The BYU theatre department breathes fresh life into the murder mystery
The BYU theatre department presents a classic Halloween offering when "The Mousetrap" opens on Oct. 26.
"The Mousetrap" is one of famed mystery writer Agatha Christie's most popular stories, but it holds the additional distinction of being the longest-running play in history. "I think the premise of a murder mystery is always exciting," said Hannah Gunson-McComb, the show's dramaturg. "But this one in particular comes with a giant production history. Not only has it surpassed 26,000 performances in London, but it's done and redone year in and year out."
The murder mystery owes its popularity in large part to Christie's witty humor, use of suspense and cast of characters. "The characters are quirky and weird and fun, and they're all stuck together and have to deal with each other," said director David Morgan. "And of course, as in all classic Agatha Christie stories, every single person looks like they could have possibly done it. You don't trust anybody, and the last reveal is a real twist."
While the show benefits from a well-regarded script, any new production runs the risk of becoming a stale retelling. Morgan has taken great care to make the story feel fresh, keeping more modern audiences in mind.
"Normally I'd be worried about how labored a show like this would be," Gunson-McComb said. "But working with David Morgan and his efforts to deliver a fresh-faced 'Mousetrap'has helped get to the original heart of the show. I think the play itself is timeless because Agatha Christie is so good at writing, but this production is exciting and delicious because of David's directing."
Taking on a show that is so beloved and familiar can also be a challenge for actors seeking to bring something new to the classic, but the cast, led by Sydney Howell and Spencer Hunsicker as Mollie and Giles Ralston, was up for the challenge.
"All the actors in the show are strong, and they've been great to work with," said Morgan. "I'm very much in favor of collaborating with the actors and hopefully letting them come up with a lot of the ideas rather than dictating to them what they have to do or where they have to go. They've been able to find the performances themselves, so a lot of what people are going to see is what the cast came up with."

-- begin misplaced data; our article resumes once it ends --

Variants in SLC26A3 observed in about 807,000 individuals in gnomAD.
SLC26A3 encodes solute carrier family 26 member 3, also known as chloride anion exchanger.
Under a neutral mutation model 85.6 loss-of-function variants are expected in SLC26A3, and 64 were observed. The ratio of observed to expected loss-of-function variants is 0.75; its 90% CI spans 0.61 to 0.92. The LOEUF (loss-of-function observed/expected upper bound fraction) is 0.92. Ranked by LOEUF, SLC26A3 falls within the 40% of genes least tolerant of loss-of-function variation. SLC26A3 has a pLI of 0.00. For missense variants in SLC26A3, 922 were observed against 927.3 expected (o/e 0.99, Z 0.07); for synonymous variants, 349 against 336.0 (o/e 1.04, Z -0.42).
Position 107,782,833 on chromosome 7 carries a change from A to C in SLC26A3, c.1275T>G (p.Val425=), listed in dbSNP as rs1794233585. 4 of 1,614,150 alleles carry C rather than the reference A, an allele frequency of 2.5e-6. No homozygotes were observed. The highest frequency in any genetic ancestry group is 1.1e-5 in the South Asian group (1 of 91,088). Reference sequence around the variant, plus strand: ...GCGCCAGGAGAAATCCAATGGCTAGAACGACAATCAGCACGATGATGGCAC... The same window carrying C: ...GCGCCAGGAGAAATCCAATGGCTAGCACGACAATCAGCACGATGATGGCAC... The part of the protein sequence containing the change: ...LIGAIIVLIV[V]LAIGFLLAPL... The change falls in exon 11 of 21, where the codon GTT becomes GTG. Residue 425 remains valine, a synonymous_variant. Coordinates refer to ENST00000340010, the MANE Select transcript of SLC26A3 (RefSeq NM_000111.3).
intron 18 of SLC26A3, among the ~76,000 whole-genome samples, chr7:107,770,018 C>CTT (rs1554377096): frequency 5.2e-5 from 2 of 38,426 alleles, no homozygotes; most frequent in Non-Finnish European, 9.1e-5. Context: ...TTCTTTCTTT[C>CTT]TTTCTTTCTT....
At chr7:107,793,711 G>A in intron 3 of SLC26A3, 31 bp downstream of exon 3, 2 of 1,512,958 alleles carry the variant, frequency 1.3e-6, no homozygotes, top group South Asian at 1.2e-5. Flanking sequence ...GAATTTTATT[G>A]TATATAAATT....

As per "Mousetrap" tradition, audiences are asked to keep the conclusion of the mystery a secret. "That's part of what makes it fun," Morgan explained. "I can guess that at least a third or so of the audience already knows what the ending is, but it's fun to go see it again and take someone who doesn't know and watch their reactions."
The thrills and surprises of the play make it a perfect fit for audiences looking to celebrate the Halloween season. "I think we're always looking for a good way to get spooky without needing therapy later as a result of our thrill-seeking," said Gunson-McComb. "When you have a holiday dedicated to the creepy and the eerie, nothing makes you feel cosier than to know there's a bunch of fun characters dealing with a murderer in their midst and you're separated from it all by a very thick fourth wall."
"It's something I think that audiences will like, especially this time of the year when it's more of a look at the darker side of human nature," added Morgan. "It's perfect for Halloween. It's not too dark, not too disgusting or gross, but it's a fun, scary piece."
"The Mousetrap" runs in the Pardoe Theatre in the Harris Fine Arts Center Oct. 26-27, 31, Nov. 1-3 and 6-10 at 7:30 p.m., with 2 p.m. matinees on Oct. 27 and Nov. 3. Tickets are available in person at the BYU Ticket Office in the HFAC or Marriott Center, by phone at 801.422.2981 or online at byuarts.com.